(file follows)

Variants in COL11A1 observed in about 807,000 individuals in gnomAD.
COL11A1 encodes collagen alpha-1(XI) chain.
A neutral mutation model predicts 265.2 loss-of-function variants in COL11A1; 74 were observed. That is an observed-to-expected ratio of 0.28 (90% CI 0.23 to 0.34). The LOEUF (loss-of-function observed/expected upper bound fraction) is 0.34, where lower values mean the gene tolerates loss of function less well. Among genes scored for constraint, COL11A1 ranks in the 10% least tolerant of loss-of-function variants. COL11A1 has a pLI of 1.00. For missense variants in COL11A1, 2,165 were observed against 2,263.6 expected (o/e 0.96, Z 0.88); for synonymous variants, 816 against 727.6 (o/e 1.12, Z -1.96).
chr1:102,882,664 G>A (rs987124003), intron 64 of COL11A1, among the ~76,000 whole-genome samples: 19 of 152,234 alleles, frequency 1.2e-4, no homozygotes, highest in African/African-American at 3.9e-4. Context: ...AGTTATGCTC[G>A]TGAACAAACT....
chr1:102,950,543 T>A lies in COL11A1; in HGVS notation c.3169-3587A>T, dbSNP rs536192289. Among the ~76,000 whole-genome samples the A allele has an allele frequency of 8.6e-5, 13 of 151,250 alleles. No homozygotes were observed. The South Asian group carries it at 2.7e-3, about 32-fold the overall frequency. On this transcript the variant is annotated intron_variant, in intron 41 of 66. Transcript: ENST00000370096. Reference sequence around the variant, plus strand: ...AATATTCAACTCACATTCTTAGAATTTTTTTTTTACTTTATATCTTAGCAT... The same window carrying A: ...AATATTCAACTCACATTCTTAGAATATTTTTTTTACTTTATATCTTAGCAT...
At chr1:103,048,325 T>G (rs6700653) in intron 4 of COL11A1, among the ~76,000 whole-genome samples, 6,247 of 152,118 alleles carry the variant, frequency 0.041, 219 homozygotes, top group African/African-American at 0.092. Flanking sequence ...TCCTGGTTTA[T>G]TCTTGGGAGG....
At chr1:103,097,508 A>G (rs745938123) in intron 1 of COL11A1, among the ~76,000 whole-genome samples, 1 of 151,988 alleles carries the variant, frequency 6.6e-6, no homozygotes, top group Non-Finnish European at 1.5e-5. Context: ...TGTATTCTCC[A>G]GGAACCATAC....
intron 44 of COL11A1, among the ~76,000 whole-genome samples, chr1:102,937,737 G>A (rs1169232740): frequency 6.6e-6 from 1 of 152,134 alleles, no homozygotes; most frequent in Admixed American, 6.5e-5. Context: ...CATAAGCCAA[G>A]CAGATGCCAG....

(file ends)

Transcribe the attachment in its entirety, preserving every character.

Variants in COL11A1 observed in about 807,000 individuals in gnomAD.
COL11A1 encodes collagen alpha-1(XI) chain.
A neutral mutation model predicts 265.2 loss-of-function variants in COL11A1; 74 were observed. That is an observed-to-expected ratio of 0.28 (90% CI 0.23 to 0.34). The LOEUF (loss-of-function observed/expected upper bound fraction) is 0.34, where lower values mean the gene tolerates loss of function less well. Among genes scored for constraint, COL11A1 ranks in the 10% least tolerant of loss-of-function variants. COL11A1 has a pLI of 1.00. For missense variants in COL11A1, 2,165 were observed against 2,263.6 expected (o/e 0.96, Z 0.88); for synonymous variants, 816 against 727.6 (o/e 1.12, Z -1.96).
chr1:102,882,664 G>A (rs987124003), intron 64 of COL11A1, among the ~76,000 whole-genome samples: 19 of 152,234 alleles, frequency 1.2e-4, no homozygotes, highest in African/African-American at 3.9e-4. Context: ...AGTTATGCTC[G>A]TGAACAAACT....
chr1:102,950,543 T>A lies in COL11A1; in HGVS notation c.3169-3587A>T, dbSNP rs536192289. Among the ~76,000 whole-genome samples the A allele has an allele frequency of 8.6e-5, 13 of 151,250 alleles. No homozygotes were observed. The South Asian group carries it at 2.7e-3, about 32-fold the overall frequency. On this transcript the variant is annotated intron_variant, in intron 41 of 66. Transcript: ENST00000370096. Reference sequence around the variant, plus strand: ...AATATTCAACTCACATTCTTAGAATTTTTTTTTTACTTTATATCTTAGCAT... The same window carrying A: ...AATATTCAACTCACATTCTTAGAATATTTTTTTTACTTTATATCTTAGCAT...
At chr1:103,048,325 T>G (rs6700653) in intron 4 of COL11A1, among the ~76,000 whole-genome samples, 6,247 of 152,118 alleles carry the variant, frequency 0.041, 219 homozygotes, top group African/African-American at 0.092. Flanking sequence ...TCCTGGTTTA[T>G]TCTTGGGAGG....
At chr1:103,097,508 A>G (rs745938123) in intron 1 of COL11A1, among the ~76,000 whole-genome samples, 1 of 151,988 alleles carries the variant, frequency 6.6e-6, no homozygotes, top group Non-Finnish European at 1.5e-5. Context: ...TGTATTCTCC[A>G]GGAACCATAC....
intron 44 of COL11A1, among the ~76,000 whole-genome samples, chr1:102,937,737 G>A (rs1169232740): frequency 6.6e-6 from 1 of 152,134 alleles, no homozygotes; most frequent in Admixed American, 6.5e-5. Context: ...CATAAGCCAA[G>A]CAGATGCCAG....